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SALE! SALE! SALE!

Oh, my! These will not last and when they’re gone, they’re gone!

Grab ‘em now!

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PRO TIP:

If you like wine, and drink it on a regular basis, the easiest (and most cost-effective) thing you can do is sign up for Scout Circle. Seriously. Figure out how much wine you drink a month (or every other month or every quarter) and let our sommelier CEO pick out a selection for you. I, for example, get six bottles of white/red/rose bottles a month for $139. That’s big discount from your basic a la carte purchase! No shipping. No fees.

And if you don’t like a wine, we’ll give you a wine credit so you can get another bottle.

ANOTHER PRO TIP:

TCM hates to pay shipping. Hates it. So, when I order wine for myself, I always pair it with a gift set because IT WILL SHIP FOR FREE. I love free. And I love the two wines in the Celebrate the Everyday Mix ($49). My beloved creamy and luscious Gallivant Chardonnay and the clean and berry-tasting Dove Hunt Dog Cabernet Sauvignon. Both easily drinkable year-round, perfect for small gatherings, and ideal for nights on the patio.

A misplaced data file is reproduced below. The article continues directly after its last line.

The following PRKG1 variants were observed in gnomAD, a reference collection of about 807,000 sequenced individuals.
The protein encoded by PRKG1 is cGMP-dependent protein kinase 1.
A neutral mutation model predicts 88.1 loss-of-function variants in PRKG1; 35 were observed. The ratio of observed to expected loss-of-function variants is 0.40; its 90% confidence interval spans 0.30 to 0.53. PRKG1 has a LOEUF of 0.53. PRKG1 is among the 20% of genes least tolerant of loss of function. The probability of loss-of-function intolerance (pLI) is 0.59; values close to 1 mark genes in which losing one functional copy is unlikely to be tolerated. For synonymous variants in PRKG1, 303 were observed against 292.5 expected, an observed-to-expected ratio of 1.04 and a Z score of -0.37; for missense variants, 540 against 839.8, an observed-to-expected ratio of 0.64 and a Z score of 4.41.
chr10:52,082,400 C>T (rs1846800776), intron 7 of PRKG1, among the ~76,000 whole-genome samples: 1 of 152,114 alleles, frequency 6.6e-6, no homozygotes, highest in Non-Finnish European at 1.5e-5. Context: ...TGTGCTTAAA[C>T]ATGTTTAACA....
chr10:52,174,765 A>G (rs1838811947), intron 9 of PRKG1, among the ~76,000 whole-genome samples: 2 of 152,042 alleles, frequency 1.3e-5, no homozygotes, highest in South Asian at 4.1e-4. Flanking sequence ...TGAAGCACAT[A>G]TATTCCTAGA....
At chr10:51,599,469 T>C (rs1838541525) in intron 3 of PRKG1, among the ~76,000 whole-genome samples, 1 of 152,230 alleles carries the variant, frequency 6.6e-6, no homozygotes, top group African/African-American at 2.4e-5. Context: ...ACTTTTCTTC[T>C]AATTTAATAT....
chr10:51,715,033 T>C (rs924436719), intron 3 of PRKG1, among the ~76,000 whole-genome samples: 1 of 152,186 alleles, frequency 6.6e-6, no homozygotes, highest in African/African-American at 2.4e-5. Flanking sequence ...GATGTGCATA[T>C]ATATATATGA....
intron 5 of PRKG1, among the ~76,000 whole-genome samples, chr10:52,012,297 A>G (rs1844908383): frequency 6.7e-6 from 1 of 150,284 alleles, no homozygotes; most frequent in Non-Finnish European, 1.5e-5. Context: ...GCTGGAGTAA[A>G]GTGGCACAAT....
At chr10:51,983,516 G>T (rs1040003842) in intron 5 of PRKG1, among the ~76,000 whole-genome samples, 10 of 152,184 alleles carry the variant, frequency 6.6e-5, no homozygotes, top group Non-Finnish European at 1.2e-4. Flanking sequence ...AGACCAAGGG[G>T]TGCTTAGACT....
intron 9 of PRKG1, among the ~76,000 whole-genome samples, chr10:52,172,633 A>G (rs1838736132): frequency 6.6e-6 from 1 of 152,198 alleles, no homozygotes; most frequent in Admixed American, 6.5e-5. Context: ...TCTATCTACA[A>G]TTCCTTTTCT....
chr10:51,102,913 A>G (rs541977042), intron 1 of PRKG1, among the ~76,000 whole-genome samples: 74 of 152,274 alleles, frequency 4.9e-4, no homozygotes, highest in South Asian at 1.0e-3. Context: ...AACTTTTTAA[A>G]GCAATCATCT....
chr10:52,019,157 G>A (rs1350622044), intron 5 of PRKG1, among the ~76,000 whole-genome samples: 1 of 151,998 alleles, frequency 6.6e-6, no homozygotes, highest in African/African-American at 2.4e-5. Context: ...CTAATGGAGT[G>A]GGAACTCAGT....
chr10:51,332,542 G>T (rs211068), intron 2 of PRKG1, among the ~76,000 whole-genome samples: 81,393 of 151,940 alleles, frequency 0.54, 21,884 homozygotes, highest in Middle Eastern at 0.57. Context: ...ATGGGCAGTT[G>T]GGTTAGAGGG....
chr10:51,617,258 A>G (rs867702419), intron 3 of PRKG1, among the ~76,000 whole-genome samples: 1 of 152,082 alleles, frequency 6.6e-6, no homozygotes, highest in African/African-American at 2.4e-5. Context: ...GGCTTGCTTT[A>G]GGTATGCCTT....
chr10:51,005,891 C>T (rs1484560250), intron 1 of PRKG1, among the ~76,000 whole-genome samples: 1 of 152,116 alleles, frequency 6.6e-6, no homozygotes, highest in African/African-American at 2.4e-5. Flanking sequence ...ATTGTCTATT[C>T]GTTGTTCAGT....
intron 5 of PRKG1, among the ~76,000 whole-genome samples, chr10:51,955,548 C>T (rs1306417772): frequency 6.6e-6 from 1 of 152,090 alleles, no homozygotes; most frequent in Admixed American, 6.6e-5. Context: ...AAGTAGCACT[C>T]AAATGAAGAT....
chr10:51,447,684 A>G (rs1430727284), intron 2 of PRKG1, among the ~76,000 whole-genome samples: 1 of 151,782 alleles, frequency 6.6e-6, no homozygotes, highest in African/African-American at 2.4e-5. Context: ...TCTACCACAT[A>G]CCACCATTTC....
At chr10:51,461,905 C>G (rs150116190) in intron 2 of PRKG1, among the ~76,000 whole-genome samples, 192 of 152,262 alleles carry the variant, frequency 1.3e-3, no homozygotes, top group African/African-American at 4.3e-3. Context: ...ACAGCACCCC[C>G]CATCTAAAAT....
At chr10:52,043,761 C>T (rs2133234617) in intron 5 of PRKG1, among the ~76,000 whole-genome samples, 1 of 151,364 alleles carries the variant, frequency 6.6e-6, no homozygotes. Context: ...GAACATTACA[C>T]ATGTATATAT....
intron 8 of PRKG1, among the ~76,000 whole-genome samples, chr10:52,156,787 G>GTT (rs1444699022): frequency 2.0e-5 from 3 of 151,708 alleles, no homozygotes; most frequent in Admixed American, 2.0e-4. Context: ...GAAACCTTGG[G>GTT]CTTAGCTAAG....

Put it in your cart, add whatever else you’d like, and it all ships for free. FREE!

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Know of a friend who’s like wine recs and musings from The Chardonnay Mom?

Subscribe!

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©2020 Carol Kaufmann

About me:

My name is Carol Kaufmann.

My teenage son presented me with a burst of inspiration when he sarcastically called me “a Chardonnay mam” one night at dinner. Why should that be an insult? I thought. Why disparage that seriously versatile, glorious grape? Right then, I decided I would proudly take on that title and promote Chardonnay one glass at a time.

And all the other delicious wines out there.